The final straw was Mitch Kupchak declaring that the millions he dumped on two free agents who don't even play is a move that should be evaluated in "five years or so." Well, I feel much better now. 2022 is our year, Lakers fans!
Jeanie or Jim? Jim demonstrated incompetence. Jeanie dated Phil Jackson. Neither resume instills confidence. So long as expert legal analysis of Dr. Buss' estate plans results in one or the other of his children controlling Lakers ownership, franchise prospects remain doomed.
I have followed this amazing and troubled team since 1971, with joy and exasperation. Nothing has disturbed me more than the article about Jim and Johnny Buss' challenge to Jeanie Buss as controlling owner of the Lakers franchise. The damage being done to the Lakers brand is unimaginable, particularly as it is unnecessary and squalid. I wholeheartedly urge Jim and Johnny Buss to cease their wrongheaded quest and move out of Los Angeles for good before more harm is done to this unique and treasured franchise.
Thanks, Magic, for trading away the only player who gave the Lakers any chance to win, which (believe it to not) was the only thing that kept a lot of fans watching.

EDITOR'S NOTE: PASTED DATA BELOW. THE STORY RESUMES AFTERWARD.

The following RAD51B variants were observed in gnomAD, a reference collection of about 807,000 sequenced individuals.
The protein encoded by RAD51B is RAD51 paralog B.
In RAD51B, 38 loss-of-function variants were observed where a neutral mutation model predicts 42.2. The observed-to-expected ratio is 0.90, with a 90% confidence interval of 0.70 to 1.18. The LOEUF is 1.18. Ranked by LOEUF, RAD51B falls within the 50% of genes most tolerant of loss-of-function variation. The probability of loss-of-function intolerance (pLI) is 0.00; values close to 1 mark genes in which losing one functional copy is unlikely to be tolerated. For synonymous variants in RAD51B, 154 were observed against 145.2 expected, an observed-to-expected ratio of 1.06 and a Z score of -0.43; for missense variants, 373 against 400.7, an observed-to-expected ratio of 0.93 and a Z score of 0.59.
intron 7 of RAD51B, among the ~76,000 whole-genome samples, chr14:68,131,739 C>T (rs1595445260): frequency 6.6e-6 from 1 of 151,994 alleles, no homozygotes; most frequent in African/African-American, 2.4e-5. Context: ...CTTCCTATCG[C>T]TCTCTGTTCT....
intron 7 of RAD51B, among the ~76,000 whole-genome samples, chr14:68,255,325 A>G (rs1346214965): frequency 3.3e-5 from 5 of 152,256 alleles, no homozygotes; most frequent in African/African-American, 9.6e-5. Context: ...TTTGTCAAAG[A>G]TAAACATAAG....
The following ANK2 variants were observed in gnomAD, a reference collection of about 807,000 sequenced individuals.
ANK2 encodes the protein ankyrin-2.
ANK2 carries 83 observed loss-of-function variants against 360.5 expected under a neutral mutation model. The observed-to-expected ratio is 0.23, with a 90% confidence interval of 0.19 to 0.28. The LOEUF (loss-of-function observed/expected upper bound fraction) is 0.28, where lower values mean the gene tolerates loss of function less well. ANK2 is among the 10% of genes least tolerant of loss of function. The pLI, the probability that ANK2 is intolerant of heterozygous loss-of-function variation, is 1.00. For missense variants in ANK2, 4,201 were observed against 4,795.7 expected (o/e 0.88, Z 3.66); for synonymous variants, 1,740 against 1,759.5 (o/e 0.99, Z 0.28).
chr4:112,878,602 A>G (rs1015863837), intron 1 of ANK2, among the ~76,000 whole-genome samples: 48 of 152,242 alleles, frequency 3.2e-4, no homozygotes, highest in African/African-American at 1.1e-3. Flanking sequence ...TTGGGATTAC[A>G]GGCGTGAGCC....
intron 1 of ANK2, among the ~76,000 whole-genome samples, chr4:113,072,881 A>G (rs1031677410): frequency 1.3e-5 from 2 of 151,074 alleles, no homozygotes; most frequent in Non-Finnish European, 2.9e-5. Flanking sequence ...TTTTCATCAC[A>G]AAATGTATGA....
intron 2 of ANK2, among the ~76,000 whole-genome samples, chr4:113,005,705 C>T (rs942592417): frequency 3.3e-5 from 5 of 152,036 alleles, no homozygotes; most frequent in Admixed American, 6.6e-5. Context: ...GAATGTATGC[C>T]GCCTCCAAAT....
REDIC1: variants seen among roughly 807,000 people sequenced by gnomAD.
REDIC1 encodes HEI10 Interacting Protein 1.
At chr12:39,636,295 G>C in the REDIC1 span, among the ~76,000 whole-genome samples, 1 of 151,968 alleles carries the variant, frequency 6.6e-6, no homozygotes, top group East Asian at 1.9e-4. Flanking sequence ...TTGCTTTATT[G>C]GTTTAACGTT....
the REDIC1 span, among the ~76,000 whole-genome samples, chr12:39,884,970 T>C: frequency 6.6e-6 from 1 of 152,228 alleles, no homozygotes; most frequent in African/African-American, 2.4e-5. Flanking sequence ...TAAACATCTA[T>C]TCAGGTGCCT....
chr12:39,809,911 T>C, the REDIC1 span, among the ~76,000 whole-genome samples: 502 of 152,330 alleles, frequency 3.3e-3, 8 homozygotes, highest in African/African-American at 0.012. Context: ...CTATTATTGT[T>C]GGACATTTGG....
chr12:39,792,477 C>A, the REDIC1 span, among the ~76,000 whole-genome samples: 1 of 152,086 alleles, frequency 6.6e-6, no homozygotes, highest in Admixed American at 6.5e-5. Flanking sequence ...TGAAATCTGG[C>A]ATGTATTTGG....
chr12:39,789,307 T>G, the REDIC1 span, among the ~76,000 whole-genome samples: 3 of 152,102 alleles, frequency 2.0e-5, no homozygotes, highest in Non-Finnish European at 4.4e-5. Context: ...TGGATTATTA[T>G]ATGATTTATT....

On the court Bird ain't no Magic.
In the front office Magic ain't no Bird.
I've just come back to the U.S. after 12 years in the Middle East. I've been a Lakers fan all my life, and I am thrilled to be watching them again. Yes, you read that right. This is not their most glorious hour, but I am genuinely fascinated to watch these young, talented guys and their young, talented coach find their way.
Though I realize Jim Buss needed to go, I'm sick of reading about the Busses. I want to read analysis of what Luke Walton is doing and thinking, analysis of each one of our players' abilities and challenges and what they are thinking. I think it's just possible that watching a team grow and go through hard times and face those challenges is way more fascinating than, for example, the Shaq and Kobe days, which were pretty painful in their own way even though we were winning. I want young players like Ingram, Zubac, Clarkson, and Russell to know that there are real fans out here, who believe they will get it together and shine, and we are going to watch every game until they do.
More for Miller
Hall of Famer Bob Miller retires and despite many fans adoring him, only two letters to the editor were printed. One gave kudos to Helene Elliott's homage, which was excellent, but griped about Dick Enberg not being mentioned. Talk about a left-handed compliment. The other referenced not letting him die without a Staples statue being erected. Really? There were no letters extolling his ability to engross fans in the game or his detailed calling of a game making it feel as if you were there? Sad.
Bruce N. Miller
Playa del Rey
Let freedom ring